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The True Essence of Happiness: Not From Comparison, But From Community and Purpose

There is considerable discourse surrounding the concept of happiness. Certain individuals assert that to attain happiness, one must exhibit a resolute disposition, unshackled by the opinions of others. However, upon meticulous contemplation, it becomes evident that those who possess a willful nature are not truly content, and the fleeting joy they experience quickly dissipates. What then, is the essence of genuine happiness? “The Courage to Be Disliked” proffers the answer.

Exceeding Happiness

Adler posited that relationships serve as both a source of tribulation and a wellspring of bliss. Numerous individuals adhere to the notion that happiness derives from comparing oneself to others. Although the living standards of contemporary society far surpass those of bygone eras, the enhancement of happiness remains relatively meager. The paramount concern for most individuals lies in their relative status within the collective.

Indeed, comparing oneself to others and emerging triumphant can indeed engender happiness, yet this brand of felicity is not without its costs. How, then, can this quandary be resolved? From my observations, I have discerned two strategies devised by people.

One approach involves feigning happiness. There exists a Chinese adage that proclaims, “It suffices to surpass those beneath, rather than those above.” Therefore, I eschew comparisons with those superior to me, focusing solely on those inferior, thereby forcibly instilling a sense of contentment within myself. The other method is that of negative happiness: I consciously admonish myself against comparing with others! I refrain from measuring my worth against that of others, for the fear of falling short.

Both avenues are exercises in self-deception. Fundamentally, they still presuppose that happiness can be evaluated through comparison.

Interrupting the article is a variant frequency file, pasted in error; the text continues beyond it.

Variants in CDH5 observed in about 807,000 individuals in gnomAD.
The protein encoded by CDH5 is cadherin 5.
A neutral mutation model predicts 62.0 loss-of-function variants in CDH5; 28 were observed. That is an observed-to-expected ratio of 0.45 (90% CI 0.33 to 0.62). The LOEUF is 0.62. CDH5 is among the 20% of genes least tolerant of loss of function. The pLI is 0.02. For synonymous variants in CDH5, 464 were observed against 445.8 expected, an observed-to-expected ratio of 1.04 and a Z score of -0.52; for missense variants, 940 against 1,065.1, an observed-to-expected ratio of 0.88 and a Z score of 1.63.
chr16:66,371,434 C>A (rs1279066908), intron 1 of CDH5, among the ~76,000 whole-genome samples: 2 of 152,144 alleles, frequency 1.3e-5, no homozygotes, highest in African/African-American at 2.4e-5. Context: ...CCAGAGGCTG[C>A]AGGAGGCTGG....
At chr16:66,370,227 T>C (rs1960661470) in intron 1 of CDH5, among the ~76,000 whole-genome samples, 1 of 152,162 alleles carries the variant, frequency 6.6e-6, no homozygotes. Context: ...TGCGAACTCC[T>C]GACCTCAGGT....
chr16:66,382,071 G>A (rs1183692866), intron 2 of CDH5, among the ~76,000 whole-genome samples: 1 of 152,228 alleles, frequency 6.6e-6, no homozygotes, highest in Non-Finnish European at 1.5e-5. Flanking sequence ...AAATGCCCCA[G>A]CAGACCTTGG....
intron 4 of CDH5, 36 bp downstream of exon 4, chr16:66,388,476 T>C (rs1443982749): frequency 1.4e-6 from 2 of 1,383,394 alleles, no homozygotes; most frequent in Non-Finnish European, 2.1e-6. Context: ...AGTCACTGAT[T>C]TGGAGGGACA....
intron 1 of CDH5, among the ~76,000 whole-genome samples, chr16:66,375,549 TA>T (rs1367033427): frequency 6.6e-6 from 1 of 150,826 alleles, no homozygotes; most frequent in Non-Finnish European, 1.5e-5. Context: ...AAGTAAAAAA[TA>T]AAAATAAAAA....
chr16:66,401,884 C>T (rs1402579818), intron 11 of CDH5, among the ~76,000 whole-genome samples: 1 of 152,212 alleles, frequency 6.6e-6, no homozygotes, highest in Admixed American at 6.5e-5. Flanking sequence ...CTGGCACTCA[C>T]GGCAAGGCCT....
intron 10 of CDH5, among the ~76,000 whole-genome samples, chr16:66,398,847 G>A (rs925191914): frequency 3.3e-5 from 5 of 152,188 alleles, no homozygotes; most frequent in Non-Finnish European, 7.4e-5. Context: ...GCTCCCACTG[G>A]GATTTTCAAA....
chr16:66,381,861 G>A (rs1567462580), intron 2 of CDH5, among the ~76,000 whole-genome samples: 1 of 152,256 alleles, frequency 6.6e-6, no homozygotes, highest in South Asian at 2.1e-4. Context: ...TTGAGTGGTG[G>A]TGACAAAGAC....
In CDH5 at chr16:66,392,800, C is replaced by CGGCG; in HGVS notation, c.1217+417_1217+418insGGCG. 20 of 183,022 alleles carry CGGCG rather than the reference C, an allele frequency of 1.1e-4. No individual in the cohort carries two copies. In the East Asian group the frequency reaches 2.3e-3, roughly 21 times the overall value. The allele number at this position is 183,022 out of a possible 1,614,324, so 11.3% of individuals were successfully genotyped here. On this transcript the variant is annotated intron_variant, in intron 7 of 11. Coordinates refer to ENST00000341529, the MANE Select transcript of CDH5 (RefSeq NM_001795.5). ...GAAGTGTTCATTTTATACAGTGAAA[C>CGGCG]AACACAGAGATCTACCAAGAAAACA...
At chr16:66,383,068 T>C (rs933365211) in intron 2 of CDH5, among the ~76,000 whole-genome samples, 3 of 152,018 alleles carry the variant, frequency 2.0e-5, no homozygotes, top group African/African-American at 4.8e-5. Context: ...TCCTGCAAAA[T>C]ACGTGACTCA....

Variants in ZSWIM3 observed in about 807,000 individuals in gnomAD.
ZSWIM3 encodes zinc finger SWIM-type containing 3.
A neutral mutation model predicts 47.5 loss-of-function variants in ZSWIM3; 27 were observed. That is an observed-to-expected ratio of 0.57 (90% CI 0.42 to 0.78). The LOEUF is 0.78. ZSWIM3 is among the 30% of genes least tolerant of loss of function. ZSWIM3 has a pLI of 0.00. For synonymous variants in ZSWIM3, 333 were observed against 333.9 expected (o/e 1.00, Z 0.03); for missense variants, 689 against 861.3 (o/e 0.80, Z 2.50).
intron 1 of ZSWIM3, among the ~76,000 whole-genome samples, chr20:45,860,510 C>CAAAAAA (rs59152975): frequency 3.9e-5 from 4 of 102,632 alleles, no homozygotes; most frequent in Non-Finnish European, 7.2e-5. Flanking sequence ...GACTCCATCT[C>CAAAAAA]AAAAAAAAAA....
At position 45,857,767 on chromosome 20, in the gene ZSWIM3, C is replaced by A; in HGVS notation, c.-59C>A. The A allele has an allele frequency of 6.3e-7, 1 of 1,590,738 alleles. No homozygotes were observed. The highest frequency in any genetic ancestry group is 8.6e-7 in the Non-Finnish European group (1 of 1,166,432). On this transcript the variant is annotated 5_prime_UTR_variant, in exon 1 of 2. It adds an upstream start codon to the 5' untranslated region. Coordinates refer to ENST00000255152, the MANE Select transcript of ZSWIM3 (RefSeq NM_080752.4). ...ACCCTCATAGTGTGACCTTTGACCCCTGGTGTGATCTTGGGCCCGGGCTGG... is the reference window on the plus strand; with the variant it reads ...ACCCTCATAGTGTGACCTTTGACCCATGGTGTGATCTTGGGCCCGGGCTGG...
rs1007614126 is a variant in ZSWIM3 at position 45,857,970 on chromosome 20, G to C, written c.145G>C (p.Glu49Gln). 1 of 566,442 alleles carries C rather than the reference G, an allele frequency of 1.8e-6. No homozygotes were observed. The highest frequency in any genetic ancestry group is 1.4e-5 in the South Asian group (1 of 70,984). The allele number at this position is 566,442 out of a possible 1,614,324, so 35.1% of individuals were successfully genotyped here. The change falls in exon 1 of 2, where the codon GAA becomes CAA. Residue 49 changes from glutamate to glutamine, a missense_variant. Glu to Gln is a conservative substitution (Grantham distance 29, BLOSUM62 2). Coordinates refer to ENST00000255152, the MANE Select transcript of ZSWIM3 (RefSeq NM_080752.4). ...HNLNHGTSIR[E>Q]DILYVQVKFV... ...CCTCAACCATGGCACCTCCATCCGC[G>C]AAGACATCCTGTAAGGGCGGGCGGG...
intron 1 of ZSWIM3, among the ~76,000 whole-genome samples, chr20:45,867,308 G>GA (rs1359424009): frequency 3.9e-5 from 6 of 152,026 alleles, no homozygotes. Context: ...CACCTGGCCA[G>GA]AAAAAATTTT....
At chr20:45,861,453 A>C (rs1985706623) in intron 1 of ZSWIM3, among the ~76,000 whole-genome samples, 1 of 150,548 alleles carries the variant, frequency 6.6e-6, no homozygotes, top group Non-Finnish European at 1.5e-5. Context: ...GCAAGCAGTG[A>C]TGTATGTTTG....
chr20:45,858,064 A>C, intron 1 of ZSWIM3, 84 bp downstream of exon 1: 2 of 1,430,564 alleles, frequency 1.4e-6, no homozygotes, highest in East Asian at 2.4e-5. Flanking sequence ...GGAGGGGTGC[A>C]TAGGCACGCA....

However, the happiness derived from such comparisons cannot be rightfully labeled as such. It is, in truth, a guise for discontentment. This sentiment is evanescent in nature. After prevailing in a particular endeavor, one looks up only to find someone more formidable lying ahead. When my annual salary stood at 100,000 yuan, I believed that attaining 200,000 yuan would bring me happiness. Yet, upon reaching the 200,000 mark, I discovered several individuals in my vicinity earning 500,000 yuan per year.

This existence resembles participation in a mountain-climbing competition. Happiness, it seems, can solely be attained upon reaching the pinnacle. Prior to such an achievement, one can merely be considered as traversing the path towards contentment. This game harbors two predicaments.

Firstly, if the grand goal within one’s heart remains forever elusive, does it not imply that one shall never experience happiness throughout their existence? Secondly, even upon reaching the summit, higher peaks await their ascent.

While each person harbors their own definition of happiness, it would be prudent for one’s conception to be actively rather than passively aligned, so as to genuinely facilitate the realization of happiness.